1. bookVolume 5 (2014): Issue 1 (January 2014)
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1891-5469
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01 Jan 2010
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English
access type Open Access

Skin impedance

Published Online: 16 Apr 2014
Volume & Issue: Volume 5 (2014) - Issue 1 (January 2014)
Page range: 1 - 1
Journal Details
License
Format
Journal
eISSN
1891-5469
First Published
01 Jan 2010
Publication timeframe
1 time per year
Languages
English

Most measurements in bioimpedance yield a fixed reproducible result. But I always liked to work on bioimpedance of the skin because it is so challenging. It is important to know the impedance of the skin when measuring the electrocardiogram because if your amplifier input impedance is not high enough, undesirable attenuation will occur. A typical skin impedance is about 500 kΩ for 1 cm2. But Rosell et al. [1] showed that at 1 Hz there is a wide spread for different subjects from 10 kΩ to 1 MΩ. And as the frequency increases to 1 MHz, impedance decreases to about 300 Ω. Then impedance changes with time.

Olson et al. [2] showed that impedance decreases steadily or exponentially with time constants of several hours. Lozano et al. [3] note that impedance varies with body location and is much lower on the tongue than elsewhere on dry skin. Bahr et al. [4] show that impedance decreases from 1 MΩ to 200 kΩ in 1 min during a hot flash. De Talhouet et al. [5] showed that impedance drops from 500 kΩ to 5 kΩ after 12 skin strippings using Scotch tape.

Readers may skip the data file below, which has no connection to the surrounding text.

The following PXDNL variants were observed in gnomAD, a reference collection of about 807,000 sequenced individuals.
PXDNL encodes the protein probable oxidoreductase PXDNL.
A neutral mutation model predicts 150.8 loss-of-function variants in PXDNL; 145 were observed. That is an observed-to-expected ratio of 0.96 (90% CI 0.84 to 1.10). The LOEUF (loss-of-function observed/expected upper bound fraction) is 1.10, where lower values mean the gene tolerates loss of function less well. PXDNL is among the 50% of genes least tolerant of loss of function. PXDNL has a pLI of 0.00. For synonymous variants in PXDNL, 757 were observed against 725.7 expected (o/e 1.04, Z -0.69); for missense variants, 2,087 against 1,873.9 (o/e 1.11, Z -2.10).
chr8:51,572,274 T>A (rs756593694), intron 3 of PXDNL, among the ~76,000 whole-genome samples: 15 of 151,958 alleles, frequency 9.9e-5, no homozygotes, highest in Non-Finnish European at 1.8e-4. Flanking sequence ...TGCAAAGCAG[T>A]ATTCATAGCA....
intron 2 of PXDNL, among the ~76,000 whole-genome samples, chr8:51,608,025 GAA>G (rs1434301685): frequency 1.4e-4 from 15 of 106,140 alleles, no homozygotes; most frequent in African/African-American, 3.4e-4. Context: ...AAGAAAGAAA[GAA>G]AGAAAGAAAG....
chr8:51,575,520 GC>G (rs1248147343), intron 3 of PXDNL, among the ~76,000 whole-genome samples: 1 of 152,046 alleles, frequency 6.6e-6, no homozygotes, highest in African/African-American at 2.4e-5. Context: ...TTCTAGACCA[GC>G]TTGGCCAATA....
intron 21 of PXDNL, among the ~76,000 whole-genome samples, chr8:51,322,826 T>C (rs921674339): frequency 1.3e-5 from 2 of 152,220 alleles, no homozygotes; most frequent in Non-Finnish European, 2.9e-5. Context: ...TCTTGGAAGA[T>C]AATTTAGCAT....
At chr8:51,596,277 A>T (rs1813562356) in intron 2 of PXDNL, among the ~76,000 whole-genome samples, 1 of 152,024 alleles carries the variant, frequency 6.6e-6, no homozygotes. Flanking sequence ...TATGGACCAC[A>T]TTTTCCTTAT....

If you calculate the skin impedance under a defibrillator electrode you get 500 kΩ/100 cm2 = 5 k Ω. But after defibrillation if you remeasure you get 50 Ω. What has happened is the high defibrillator voltage has arced through the skin and created many holes that lower the impedance and redden the skin. There are a variety of subject areas if you want to further explore skin impedance.

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Bahr, D. E., J. G. Webster, D. Grady, F. Kronenberg, J. Creasman, J. Macer, M. Shults, M. Tyler and X. Zhou, Miniature ambulatory skin conductance monitor and algorithm for investigating hot flash events, Physiol. Meas. 35, 95–110, 2014. http://dx.doi.org/10.1088/0967-3334/35/2/9510.1088/0967-3334/35/2/9524398586BahrD E.WebsterJ. G.GradyD.KronenbergF.CreasmanJ.MacerJ.ShultsM.TylerM.ZhouX.Miniature ambulatory skin conductance monitor and algorithm for investigating hot flash eventsPhysiol Meas35951102014http://dx.doi.org/10.1088/0967-3334/35/2/95395139424398586Open DOISearch in Google Scholar

de Talhouet, H., and J. G. Webster, The origin of skin-stretch-caused motion artifacts under electrodes, Physiol. Meas., 17, 81-93. 1996. http://dx.doi.org/10.1088/0967-3334/17/2/00310.1088/0967-3334/17/2/0038724520deTalhouet, H.G. WebsterJ.The origin of skin-stretch-caused motion artifacts under electrodesPhysiol. Meas1781931996http://dx.doi.org/10.1088/0967-3334/17/2/0038724520Open DOISearch in Google Scholar

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